The fact that the vast majority of Tottenham’s own fans appeared to be vehemently against the move to Stratford and that the club lodged its interest in the Olympic Stadium the very day after it won planning permission for White Hart Lane makes it difficult not to view their bid as a cynical and greedy stunt mired in corporate opportunism.

But none of these shortcomings is likely to have had much influence on the OPLC’s decision. What invariably did was Tottenham’s controversial intention to demolish most of the Olympic Stadium and remove its athletics track. Despite their bizarre offer to provide alternative facilities at Crystal Palace, this would have broken a key legacy commitment made to both the IOC and UK Athletics when London won the 2012 bid. West Ham’s willingness to honour it easily made them the obvious choice. 

Spurs Olympic Visualisation

Tottenham's unsuccessful bid for the Olympic Stadium was designed by KSS Architects

In fairness to both Tottenham and West Ham, they should never have been put in the position they have both found themselves in the first place. The fault for the whole debacle about the future of the Olympic Stadium lies with serious flaws in the ODA (Olympic Delivery Authority) decision-making process that took place years ago. 

For the past six weeks OPLC chair Baroness Ford has been telling anyone who would care to listen that the decision on the preferred stadium tenant would be based solely on each bid’s ability to meet the 5 critical “tests” her board had identified. These can roughly be summarised as flexibility, finance, capability, regeneration and speed of conversion. Yet if these objectives are so important, then why on earth weren’t they made compulsory pre-requisites of the stadium’s design back in 2005?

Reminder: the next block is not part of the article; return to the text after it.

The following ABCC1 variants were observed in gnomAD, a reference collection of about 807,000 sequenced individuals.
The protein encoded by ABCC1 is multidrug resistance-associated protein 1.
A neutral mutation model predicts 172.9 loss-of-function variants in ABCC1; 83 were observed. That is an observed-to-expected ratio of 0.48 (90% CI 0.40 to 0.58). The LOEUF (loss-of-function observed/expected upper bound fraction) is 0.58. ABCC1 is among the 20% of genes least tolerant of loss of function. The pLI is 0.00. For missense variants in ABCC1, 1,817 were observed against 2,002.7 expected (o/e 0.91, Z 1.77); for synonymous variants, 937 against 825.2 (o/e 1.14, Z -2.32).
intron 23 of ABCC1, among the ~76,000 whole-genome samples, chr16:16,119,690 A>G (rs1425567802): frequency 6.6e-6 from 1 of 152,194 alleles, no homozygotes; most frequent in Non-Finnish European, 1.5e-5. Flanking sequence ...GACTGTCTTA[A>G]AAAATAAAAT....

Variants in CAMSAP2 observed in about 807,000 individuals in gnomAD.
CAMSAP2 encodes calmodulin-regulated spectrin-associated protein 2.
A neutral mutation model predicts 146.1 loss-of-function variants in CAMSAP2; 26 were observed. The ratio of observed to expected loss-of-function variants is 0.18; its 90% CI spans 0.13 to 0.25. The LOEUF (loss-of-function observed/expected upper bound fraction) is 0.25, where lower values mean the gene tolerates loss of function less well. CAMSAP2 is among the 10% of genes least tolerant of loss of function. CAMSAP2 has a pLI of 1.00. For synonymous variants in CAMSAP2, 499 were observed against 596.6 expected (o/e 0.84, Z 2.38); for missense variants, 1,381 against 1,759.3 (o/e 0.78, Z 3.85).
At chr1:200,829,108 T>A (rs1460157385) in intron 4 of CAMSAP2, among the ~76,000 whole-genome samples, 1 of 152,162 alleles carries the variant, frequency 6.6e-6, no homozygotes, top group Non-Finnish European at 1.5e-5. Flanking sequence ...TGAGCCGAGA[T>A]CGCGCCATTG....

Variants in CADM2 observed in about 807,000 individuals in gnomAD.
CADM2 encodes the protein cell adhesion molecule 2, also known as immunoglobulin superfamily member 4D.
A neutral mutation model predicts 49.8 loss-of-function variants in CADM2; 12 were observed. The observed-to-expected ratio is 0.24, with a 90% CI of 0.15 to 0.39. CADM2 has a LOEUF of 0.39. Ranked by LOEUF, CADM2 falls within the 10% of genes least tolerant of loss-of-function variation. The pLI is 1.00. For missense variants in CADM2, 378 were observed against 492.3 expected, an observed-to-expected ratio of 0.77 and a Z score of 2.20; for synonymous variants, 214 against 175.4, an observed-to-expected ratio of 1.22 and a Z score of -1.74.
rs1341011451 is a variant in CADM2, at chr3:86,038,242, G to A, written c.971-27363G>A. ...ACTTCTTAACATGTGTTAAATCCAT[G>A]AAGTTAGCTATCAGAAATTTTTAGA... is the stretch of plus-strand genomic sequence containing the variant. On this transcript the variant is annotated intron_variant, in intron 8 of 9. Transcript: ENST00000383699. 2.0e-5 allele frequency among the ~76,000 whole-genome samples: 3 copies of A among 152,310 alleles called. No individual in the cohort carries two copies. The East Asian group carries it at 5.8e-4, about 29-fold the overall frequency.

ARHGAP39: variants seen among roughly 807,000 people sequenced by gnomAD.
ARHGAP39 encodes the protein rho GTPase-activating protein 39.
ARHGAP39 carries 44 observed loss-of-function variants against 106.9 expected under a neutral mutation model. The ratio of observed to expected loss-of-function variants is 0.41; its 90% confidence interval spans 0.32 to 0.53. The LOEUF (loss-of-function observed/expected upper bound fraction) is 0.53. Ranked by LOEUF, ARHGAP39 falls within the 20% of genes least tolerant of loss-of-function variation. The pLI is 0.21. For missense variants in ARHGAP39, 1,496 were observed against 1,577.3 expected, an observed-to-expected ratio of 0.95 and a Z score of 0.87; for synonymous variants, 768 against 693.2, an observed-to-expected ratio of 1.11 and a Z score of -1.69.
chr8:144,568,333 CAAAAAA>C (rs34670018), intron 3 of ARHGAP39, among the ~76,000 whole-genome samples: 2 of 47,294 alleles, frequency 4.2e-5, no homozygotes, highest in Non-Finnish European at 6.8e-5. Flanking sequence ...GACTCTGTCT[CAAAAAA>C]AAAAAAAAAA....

Even worse was the inexplicable reluctance of senior Olympic officials to entertain the prospect of the stadium ever being handed over to a football club. As far back as 2006, both former Olympic Minister Tessa Jowell and then London mayor Ken Livingstone rejected earlier tenancy bids from both Tottenham and West Ham and reiterated their insistence that the stadium be preserved solely for athletics use.

The result of this pointless ideological intransigence was the ill-fated proposal to convert the 80,000 capacity Olympic Stadium to a 25,000 capacity athletics arena, a strategy that was never either culturally convincing or commercially credible and which was also rejected by the OPLC on Friday.

For a Games that has been rightly obsessed with legacy, this sorry catalogue of missed opportunities represents a monumental failure of foresight and planning. Had specific design and conversion criteria been identified right at the start of the London 2012 bid that sought a more realistic legacy partnership between athletics and another anchor tenant of any persuasion, then a huge amount of wasted time and money could have been saved.

The enthusiasm of the London 2012 hierarchy to secure an athletics legacy at the Olympic Stadium is both understandable and legitimate. But the simple fact remains that in England, even Championship football tends to be more popular and lucrative than shot-putting. London 2012’s failure to acknowledge this has cost us all millions.